John Birdsall (@John_Birdsall) is a Bay Area-based food writer whose essay, “America, Your Food Is So Gay,” won a James Beard Award in 2014. All photos courtesy Mouthfeel.

This is a review of issue two (just published) of Mouthfeel, an arty gay food magazine from New York City. But it starts in a California bedroom in the 1970s, the day I stole my mom’s Playgirl mag.

It had this mustached guy I hungered for, Lorenzo—an Argentine gaucho according to the text, though more likely a landscaper from Boyle Heights. In some dirty canyon approximating the pampas, naked Lorenzo sprawled on a Mexican serape, slack dong blunt on the nubby textile, a fleshy metaphor for the way horniness weighed on my teen brain at twice the force of gravity. I rolled Lorenzo up, stashed him deep in my closet, took him out and put him back so many times the pages got dimply and cracked. Even worn, Lorenzo held his power, an image and a transgressive object both, a thing demanding physical space, shoved back behind the shoebox containing my buckled Sunday loafers.


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Slightly older and living in San Francisco, I nervously bought gay porn mags with names that opened worlds. Playguy. Blueboy. All Man. Varsity jocks with feathered hair and thick mustaches existed in some parallel universe of easy connection, with no guilt and zero shame. In the shiny pages of Honcho, open queerness was a totally normative mode—there was no botched job interview a desktop dicking couldn’t save, no dropped tip that couldn’t be compensated for by blowing the pizza boy. I was not a fag or a pussy here; I was not sick or confused.

Porn mags became the first secret, subversive objects through which I could imagine a brotherhood of guys like me. They worked on me like the Time-Life Foods of the World books, early Saveur, and scattered scenes from Anthony Bourdain, opening vistas I had only hoped existed, urging me to take my place in the community of others seeking old and insistent pleasures, pursuing them with seriousness.

“Porn mags became the first secret, subversive objects through which I could imagine a brotherhood of guys like me. They worked on me the like the Time-Life Foods of the World books, early Saveur, and scattered scenes from Anthony Bourdain, opening vistas I had only hoped existed…”

This brings me to issue two of Mouthfeel, a magazine that revives the grainy confidence of vintage gay porn mags and lays them out on the table. Mouthfeel is the second gay food publication to launch this year in print—the other is Jarry, which (full disclosure) I wrote a feature for. (Jarry means “food” in the English slang vocabulary called Polari, famous for giving us the word “drag,” less so for a horrible Morrissey song nobody remembers.) Mouthfeel and Jarry are like gay neighbors who politely coexist but never show up at each other’s parties.


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Where Jarry is handsome and composed, Mouthfeel is raw and musty. It comes in a sealed plastic bag, like porn mags used to, only in separate parts. Issue two has a profile of gay chef Gerardo Gonzalez of El Rey on Manhattan’s Lower East Side; another of Dante Gonzalez (no relation to Gerardo) from Dante Fried Chicken in L.A. There’s some bear-adjacent forager porn, and a naked dinner party in the San Francisco apartment of drag queen Juanita More, full of jammed-up beardy boys with tats and belly hair, sweating on the furniture, popping after-supper chubbies.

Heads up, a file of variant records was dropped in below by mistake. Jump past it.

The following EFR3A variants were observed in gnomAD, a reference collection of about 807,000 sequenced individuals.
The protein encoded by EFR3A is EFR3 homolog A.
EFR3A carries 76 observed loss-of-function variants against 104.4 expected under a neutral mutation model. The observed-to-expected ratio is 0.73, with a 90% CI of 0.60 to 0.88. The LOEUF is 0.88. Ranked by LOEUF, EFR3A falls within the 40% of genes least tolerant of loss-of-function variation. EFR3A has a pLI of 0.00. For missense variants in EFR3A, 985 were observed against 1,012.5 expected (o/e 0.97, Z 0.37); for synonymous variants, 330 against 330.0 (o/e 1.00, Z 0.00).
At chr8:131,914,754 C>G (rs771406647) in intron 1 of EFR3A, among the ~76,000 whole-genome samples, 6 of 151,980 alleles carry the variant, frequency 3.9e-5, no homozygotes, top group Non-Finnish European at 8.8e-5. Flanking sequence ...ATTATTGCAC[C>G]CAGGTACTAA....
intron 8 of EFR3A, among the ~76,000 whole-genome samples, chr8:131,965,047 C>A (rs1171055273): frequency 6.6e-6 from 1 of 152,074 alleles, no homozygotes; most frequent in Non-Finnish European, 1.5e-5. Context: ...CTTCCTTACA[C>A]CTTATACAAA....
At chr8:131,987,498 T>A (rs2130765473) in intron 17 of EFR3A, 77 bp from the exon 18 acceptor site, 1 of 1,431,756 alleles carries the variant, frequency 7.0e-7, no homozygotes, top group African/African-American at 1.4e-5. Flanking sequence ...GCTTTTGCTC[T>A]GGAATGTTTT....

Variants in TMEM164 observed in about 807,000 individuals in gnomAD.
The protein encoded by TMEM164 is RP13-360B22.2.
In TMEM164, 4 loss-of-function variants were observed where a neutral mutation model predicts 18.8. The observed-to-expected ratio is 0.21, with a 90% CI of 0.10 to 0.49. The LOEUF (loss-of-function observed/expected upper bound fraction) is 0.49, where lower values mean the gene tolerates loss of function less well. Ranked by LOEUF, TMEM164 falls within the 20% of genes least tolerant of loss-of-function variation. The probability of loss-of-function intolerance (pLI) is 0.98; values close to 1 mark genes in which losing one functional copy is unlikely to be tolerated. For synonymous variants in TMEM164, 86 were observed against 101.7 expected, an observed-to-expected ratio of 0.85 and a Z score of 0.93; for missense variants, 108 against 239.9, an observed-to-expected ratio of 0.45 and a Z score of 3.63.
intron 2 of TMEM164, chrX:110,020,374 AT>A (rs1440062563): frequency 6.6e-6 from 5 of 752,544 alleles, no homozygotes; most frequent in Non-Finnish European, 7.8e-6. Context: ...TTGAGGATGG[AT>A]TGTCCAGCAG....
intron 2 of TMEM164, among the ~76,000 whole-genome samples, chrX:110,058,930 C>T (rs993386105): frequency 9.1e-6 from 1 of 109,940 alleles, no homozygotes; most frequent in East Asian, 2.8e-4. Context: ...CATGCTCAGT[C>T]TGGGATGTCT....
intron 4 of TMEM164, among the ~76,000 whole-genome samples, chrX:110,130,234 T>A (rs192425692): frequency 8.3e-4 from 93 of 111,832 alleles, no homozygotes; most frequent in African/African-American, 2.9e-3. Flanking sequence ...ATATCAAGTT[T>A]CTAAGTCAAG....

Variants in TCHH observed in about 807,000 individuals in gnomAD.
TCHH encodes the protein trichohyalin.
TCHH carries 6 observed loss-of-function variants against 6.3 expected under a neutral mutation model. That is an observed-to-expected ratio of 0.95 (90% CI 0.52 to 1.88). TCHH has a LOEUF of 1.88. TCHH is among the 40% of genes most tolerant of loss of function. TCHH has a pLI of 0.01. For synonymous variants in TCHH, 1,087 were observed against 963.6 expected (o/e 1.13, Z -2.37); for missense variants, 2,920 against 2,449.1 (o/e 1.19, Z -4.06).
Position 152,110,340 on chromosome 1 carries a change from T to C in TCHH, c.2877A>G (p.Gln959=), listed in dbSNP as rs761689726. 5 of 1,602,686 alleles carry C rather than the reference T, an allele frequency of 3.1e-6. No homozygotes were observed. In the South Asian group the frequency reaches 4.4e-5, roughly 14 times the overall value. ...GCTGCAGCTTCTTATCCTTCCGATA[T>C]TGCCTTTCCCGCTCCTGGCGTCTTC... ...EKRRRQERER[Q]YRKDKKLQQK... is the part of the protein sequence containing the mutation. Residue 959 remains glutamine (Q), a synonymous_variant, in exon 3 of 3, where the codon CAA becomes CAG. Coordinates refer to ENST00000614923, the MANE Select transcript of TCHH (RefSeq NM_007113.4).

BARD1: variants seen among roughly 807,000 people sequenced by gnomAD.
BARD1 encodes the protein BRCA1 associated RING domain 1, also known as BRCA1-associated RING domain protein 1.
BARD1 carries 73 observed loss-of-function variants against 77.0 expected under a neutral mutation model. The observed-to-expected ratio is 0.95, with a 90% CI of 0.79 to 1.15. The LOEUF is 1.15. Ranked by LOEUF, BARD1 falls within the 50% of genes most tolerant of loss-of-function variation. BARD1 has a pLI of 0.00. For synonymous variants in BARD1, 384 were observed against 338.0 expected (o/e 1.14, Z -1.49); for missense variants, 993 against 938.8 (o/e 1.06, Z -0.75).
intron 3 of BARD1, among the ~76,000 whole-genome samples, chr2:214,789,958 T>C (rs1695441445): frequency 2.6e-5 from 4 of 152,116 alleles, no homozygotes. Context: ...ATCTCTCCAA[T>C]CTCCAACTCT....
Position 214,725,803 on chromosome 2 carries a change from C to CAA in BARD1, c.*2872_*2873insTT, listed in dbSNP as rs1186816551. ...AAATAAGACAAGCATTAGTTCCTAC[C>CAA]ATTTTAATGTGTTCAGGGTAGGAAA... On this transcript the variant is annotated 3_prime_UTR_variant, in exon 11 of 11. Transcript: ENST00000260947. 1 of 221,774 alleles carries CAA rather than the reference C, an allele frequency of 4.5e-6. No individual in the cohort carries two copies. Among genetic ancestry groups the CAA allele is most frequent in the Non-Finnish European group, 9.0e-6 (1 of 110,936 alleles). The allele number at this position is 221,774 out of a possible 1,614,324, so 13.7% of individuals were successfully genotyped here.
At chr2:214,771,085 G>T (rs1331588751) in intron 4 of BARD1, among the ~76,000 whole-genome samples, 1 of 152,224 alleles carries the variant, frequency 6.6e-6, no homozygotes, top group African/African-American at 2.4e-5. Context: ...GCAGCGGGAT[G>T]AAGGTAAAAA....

Mouthfeel’s founder and editor is 28-year-old Mac Malikowski, who lives in Bushwick and has worked in the city as a Blue Bottle barista, and front of house at Bar Boulud and Ma Pêche. He came up through the hardcore punk scene in Reno, Nevada; likewise, his visual collaborator, creative director Yego Moravia, was into the hardcore scene in Northern California. The queercore band Limp Wrist (Malikowksi calls them “strange, subversive, and salacious”) has been a huge inspiration. Malikowski tells me, more than once, that he never wanted Mouthfeel to be a Good Housekeeping for gay men, full of recipes and dinner party tips.


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“We wanted to change the experience of what a gay food mag was the way Limp Wrist changed what a gay punk band was,” Malikowksi says. “They were irreverent, they wore fishnets on stage—the cover of one of their albums was like two skinheads kissing. They weren’t doing the same thing everybody else was.”

For me, the heart of Mouthfeel is the section called Plates—in issue two, a series of collages, vintage image scans from ‘70s and ‘80s stroke mags like Honcho and Inches, mashed up with equally lush and thirsty photos from old cookbooks, at hyper resolution. Malikowski calls it a “fantasy of food and connection,” a millennial’s cultural nostalgia for a simpler transgressive past, before the endless scroll of digital dick pics and Instagram trophy plates made us numb.


“Malikowski calls it a “fantasy of food and connection,” a millennial’s cultural nostalgia for a simpler transgressive past, before the endless scroll of digital dick pics and Instagram trophy plates made us numb.”

The thing about growing up gay is that it makes you go deep underground to examine your desires. You start out thinking all you want is the Argentine gaucho rolled up at the back of your closet, and end up seeing that what you really craved—all along, really—was connection. In its own strange, subversive, and salacious way, Mouthfeel gets it.

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